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Updated EA required for Holland Street reconstruction project

Completion for the reconstruction of Holland Street is estimated at the end of 2025
Coun. Scott and MPP Mulroney take a stroll in the downtown core

The town is hoping to make a more inviting, exciting downtown core which will likely involve extensive construction on Holland Street from Bridge Street to Melbourne Drive. 

The idea is to transform Bradford's downtown into a walkable, inviting space for both residents and visitors. 

"The transformation of Holland Street is so important to our community members," said MPP Caroline Mulroney in a recent Downtown Revitalization Committee meeting. "We have the potential to turn Holland Street into a hub for shopping, restaurants and business right here in our very own community."

"No longer will it be necessary to drive to other towns or cities to take advantage of amenities. The opportunity now [that the Bypass is moving ahead] and together we're revitalizing Bradford West Gwillimbury." 

In order to begin the work of transforming the downtown, a Municipal Class Environmental Assessment Process must be completed. 

In Tuesday night's meeting of town council, Mayor Rob Keffer said "We are fortunate that a large part of this Holland Street reconstruction will be funded from the development community...It's just a matter of proceeding, getting the right design, and getting construction underway."

The Holland Street Project budget is $17,483,500. The cost is part of the town's 2018 Development Charge background study, the Third Early Payment Agreement, and has an approved budget under project code 2001, Holland Street East & West (inclusive of EA and detailed engineering design costs). 

The scope of the project includes road and underground works on Holland Street from Bridge Street to Melbourne Drive.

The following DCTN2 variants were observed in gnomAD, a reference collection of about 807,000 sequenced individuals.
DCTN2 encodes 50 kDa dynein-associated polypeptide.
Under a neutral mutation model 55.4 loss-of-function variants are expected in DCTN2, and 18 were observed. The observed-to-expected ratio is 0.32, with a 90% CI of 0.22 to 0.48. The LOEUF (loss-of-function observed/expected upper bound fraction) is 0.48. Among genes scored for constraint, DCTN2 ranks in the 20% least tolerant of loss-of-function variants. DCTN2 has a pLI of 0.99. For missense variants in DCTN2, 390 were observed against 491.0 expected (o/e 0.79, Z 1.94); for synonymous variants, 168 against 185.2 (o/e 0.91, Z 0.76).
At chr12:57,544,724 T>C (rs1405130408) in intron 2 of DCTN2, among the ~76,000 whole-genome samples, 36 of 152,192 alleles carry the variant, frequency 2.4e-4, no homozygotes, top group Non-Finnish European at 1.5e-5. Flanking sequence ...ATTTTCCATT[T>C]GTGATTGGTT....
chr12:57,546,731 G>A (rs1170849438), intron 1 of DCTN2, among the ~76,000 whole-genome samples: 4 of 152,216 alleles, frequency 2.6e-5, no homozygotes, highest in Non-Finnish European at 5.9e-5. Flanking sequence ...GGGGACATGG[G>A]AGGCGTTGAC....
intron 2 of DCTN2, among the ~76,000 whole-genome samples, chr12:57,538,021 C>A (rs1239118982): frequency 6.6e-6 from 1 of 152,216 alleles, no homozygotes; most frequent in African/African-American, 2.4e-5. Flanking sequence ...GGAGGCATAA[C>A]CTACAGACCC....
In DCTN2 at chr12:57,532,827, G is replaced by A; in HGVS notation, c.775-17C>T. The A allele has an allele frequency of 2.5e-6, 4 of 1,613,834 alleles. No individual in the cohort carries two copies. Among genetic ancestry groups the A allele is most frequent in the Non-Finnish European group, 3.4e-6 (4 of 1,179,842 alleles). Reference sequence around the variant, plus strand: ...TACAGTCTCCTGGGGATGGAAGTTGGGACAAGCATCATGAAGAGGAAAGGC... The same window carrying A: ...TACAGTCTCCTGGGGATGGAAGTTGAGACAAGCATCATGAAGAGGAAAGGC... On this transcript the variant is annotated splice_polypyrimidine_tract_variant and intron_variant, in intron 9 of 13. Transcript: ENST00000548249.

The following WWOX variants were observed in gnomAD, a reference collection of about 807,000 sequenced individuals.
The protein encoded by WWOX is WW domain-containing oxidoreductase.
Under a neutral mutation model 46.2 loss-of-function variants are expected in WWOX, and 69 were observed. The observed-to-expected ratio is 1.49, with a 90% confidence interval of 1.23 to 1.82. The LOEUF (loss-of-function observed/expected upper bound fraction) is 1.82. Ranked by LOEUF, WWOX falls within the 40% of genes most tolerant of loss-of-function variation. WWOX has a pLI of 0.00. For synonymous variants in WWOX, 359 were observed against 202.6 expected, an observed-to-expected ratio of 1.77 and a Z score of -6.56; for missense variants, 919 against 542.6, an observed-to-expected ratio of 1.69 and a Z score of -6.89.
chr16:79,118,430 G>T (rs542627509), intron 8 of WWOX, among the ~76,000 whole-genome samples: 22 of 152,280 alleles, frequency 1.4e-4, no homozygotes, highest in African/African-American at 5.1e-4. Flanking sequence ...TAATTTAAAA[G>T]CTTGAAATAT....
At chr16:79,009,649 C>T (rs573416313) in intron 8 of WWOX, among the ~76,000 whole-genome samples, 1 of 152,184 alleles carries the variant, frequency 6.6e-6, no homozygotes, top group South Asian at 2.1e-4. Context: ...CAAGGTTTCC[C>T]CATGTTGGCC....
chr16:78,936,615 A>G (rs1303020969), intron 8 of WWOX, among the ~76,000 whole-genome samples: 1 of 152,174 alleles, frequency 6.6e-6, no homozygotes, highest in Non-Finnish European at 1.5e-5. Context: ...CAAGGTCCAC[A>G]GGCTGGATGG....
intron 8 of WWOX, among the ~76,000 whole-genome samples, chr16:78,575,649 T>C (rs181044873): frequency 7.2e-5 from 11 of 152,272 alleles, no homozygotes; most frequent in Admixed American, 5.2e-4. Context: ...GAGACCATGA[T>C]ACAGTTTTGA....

The EA process is used to identify any potential adverse impacts of the project on the environment. 

In 2012, the town started the EA process with public consultations, identified alternatives, and a presentation to council, but never completed the full process. 

But it was never completed. 

Eight years later, the town says there is a risk if there is no update to the EA study and that further public consultation would be needed to include new Bradford residents. 

The project is projected to be completed by end of 2025, with the following timeline:

  • June 15, 2021 – Report to Council and authority to commence the refresh of the Holland Street Environmental Assessment;
  • Late July 2021 – release of the Request for Proposals from interested consultants;
  • Early October 2021 – award and commencement of the EA;
  • December 2021 – First public consultation (PIC #1);
  • March 2022 – Second public consultation (PIC#2);
  • April/May 2022 – Update to Council on the preferred alternative;
  • June 2022 – Third public information session;
  • August/September 2022 – Completion of and filing of the environmental study report;
  • March/April 2023 – Tender of the works;
  • May/June 2023 – Construction commencement;
  • November 2025 – Construction completion.

Coun. Peter Ferragine questioned the timeline of the work. 

"Is that the longest time frame we would be looking at, or if we chose a different option could it be done quicker?" he asked. 

Mahesh Ramdeo, manager of capital projects for the town responded that it is the outside limit of the options they are looking at. 

"I would leave it to the EA process and get the business community's input for the best implementation strategy," he said, noting the timeline could be quicker depending on the business community's feedback. 

Mark Contois said the work was a long time coming. 

"My view is simple. This is moving forward," he said. 

"The vision of walkable, tree-lined Holland Street with wide sidewalks for people to shop and dine is exciting -- and now we have a clear timeline for consultation and to construction in spring 2023," said Coun. Jonathan Scott.

"Revitalizing downtown Bradford is a major priority to support our small businesses, and to bring good community-building principles, good urban design and sustainable development principles for a liveable downtown. This critical and transformative project can now proceed thanks to our MPP's work to deliver the long-awaited Bradford Bypass after decades of studies."

To view the full report, click here

Natasha Philpott

About the Author: Natasha Philpott

Natasha is the Community Editor for BradfordToday and InnisfilToday. She graduated from the Media Studies program at The University of Guelph-Humber. She lives in Bradford with her husband, two boys and two cats.
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